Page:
Action A.10: Study of the priority mammal species Ursus arctos* for the determination of management specifications

Collection of bear hairs in the field. (Photo: A. Karamanlidis/ARCTUROS)

This study aims to verify the presence and to evaluate the population status of the Brown Bear (Ursus arctos), which has been reported several times from the Mt. Oiti area and one time form the Mt. Kallidromo area in recent years. Additionally, information concerning livestock and beekeeping in the area will be collected, and native fruit trees will be identified and mapped.

Processing this information, the study will produce the scientific and technical specifications necessary for the appropriate management actions and monitoring protocols. The study will be carried out by a biologist, who will visit appropriate habitats once a month for the 1-year study period. In addition to evidence in the field (tracks, scat, presence of hairs on rubbing posts, scratches on trees, etc), interviews will be carried out with local stockbreeders, beekeepers, forestry officials, loggers, hunters, and other users of the area.

reasons why this is necessary: 

It is crucial to evaluate population dynamics and habitat utilisation of the Brown Bear in the Mt. Oiti area. The occurrence of this species is extra-limital, since the main core areas of its distribution are further north, and the biologic factors responsible for these occurrences are not fully understood. There have been reports of its presence in 1997, 1998 and every year from 2003 to 2006, as well as in 2008, 2009, and 2010. Most sightings were in the spring and summer, and there have been several reports of damage to beehives. One of the sightings involved a mother with two cubs.

The study should cover the spring and summer of two consecutive years because the target species appears sporadically, and the study area is quite large. Thus, the probability of underestimating the population and its dynamics is too high if the survey lasts for only one season.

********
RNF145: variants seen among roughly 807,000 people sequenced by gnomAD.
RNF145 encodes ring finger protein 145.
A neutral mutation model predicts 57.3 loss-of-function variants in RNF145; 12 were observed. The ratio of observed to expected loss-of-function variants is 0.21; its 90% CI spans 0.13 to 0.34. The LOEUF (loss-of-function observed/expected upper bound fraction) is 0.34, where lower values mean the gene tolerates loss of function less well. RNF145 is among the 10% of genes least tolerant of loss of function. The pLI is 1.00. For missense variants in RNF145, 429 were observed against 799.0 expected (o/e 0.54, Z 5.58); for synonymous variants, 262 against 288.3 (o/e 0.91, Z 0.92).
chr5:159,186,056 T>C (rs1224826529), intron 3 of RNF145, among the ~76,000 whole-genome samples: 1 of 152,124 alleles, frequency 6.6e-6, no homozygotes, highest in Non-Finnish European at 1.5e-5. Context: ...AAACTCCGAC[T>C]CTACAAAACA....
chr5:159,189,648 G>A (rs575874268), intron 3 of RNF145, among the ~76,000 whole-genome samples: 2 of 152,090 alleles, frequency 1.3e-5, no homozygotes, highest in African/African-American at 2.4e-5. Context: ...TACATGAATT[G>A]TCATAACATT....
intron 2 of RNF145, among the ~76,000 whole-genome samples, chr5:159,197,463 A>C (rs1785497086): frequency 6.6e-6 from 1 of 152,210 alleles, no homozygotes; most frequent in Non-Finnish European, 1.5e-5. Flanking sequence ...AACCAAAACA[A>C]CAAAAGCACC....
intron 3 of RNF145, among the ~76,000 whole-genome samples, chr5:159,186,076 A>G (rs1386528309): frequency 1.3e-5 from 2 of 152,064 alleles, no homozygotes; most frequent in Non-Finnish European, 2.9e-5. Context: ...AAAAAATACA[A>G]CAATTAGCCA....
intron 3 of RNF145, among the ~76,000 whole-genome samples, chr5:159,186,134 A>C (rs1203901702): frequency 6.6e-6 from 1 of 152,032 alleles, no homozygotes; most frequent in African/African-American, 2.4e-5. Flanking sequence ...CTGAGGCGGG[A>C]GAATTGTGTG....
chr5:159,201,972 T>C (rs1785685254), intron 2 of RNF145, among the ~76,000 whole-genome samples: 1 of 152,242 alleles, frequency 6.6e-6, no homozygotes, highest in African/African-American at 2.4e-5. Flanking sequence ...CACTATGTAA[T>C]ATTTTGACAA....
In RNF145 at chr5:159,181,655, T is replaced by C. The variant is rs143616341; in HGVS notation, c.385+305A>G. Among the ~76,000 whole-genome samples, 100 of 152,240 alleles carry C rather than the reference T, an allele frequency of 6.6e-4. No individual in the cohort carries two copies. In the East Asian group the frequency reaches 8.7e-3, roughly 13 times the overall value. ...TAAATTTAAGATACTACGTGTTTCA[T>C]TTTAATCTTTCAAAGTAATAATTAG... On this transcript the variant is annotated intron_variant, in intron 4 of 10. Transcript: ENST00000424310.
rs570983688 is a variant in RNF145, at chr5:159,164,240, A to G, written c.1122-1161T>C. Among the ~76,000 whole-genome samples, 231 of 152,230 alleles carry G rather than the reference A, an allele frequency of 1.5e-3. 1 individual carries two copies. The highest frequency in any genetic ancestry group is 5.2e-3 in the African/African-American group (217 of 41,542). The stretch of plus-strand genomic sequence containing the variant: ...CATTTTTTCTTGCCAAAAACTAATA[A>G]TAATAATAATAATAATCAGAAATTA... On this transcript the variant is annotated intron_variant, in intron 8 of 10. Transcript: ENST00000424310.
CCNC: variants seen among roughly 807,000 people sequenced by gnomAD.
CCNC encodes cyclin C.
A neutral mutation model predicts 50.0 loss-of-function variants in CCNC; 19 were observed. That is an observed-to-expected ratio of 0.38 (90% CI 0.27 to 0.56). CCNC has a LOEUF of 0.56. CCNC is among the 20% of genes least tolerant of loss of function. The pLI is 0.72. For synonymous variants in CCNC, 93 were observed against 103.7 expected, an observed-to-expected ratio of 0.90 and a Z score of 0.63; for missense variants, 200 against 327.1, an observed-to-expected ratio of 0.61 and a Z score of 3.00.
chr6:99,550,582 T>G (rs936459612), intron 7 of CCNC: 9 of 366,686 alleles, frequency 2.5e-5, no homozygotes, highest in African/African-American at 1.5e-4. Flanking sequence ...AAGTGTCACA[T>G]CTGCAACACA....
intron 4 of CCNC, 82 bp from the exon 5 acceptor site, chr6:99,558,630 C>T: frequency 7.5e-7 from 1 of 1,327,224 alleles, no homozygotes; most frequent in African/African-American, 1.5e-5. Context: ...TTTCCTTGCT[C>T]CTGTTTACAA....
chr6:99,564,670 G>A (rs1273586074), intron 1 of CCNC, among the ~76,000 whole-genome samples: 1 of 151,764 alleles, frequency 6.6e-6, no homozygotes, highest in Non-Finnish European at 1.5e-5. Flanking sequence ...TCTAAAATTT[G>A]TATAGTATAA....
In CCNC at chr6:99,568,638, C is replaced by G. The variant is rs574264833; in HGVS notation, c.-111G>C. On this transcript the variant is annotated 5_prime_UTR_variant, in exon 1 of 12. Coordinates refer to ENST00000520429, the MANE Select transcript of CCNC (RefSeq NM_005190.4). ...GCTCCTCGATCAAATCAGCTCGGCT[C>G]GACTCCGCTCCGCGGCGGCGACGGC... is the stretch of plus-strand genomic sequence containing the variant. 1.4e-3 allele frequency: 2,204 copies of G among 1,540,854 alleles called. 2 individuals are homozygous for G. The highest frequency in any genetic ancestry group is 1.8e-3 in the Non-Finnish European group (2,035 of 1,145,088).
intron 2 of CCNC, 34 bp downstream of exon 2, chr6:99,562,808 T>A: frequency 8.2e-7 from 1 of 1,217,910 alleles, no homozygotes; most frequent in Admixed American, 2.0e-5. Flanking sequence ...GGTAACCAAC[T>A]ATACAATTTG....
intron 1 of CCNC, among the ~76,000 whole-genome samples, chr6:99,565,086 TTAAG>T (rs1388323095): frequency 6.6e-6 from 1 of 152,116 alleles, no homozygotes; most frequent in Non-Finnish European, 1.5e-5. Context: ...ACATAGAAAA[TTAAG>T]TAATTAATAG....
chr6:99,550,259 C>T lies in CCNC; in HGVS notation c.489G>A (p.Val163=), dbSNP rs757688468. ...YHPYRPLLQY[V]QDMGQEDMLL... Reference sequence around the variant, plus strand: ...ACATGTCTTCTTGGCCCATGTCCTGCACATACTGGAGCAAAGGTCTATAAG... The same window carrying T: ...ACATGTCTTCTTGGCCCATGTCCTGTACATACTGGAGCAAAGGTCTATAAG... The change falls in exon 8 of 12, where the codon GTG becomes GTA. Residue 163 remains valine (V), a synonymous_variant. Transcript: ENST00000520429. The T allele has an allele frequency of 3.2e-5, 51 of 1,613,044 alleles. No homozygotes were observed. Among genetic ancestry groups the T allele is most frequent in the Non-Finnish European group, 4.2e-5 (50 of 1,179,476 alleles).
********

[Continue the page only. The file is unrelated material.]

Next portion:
Areas that serve as corridors for the bears need to be identified and protected effectively, so they can serve as safe zones for them. This requires detailed mapping of the landscape, as well as a record of management practices and various land uses.

Native fruit trees are a major food source for bears, especially in the summer and early fall. Such trees need to be identified and mapped, so that appropriate conservation actions may be designed, including planting of wild fruiting species in new locations to increase food availability.

Beekeepers and stockbreeders often suffer damage from bears and are frequently negatively disposed towards them. Such issues must be identified and addressed by education of the breeders and beekeepers. Furthermore, information about apiary locations and local stock movements through the year will help design the placement of electrified fencing for apiaries and the donation of Hellenic Livestock Guarding Dogs to stockbreeders. Moreover, the information gathered about the Brown Bear in the study areas will help in the design of the legal framework for comprehensive protection of said areas (action C.10).

expected results: 
  • A report on the presence and population dynamics of the Brown Bear in the Mt. Oiti area, as well as on the situation of livestock, apiaries and native fruit trees. 
  • Specifications for Brown Bear management (action C.9).
  • Specifications for the legal framework (action C.10). 
  • Specification of monitoring protocols for the Brown Bear for action D.4 and for after-LIFE monitoring.
Incidents of Brown Bear mortality during the period 2003-2008. Source: Eleni Lampou/ARCTUROS

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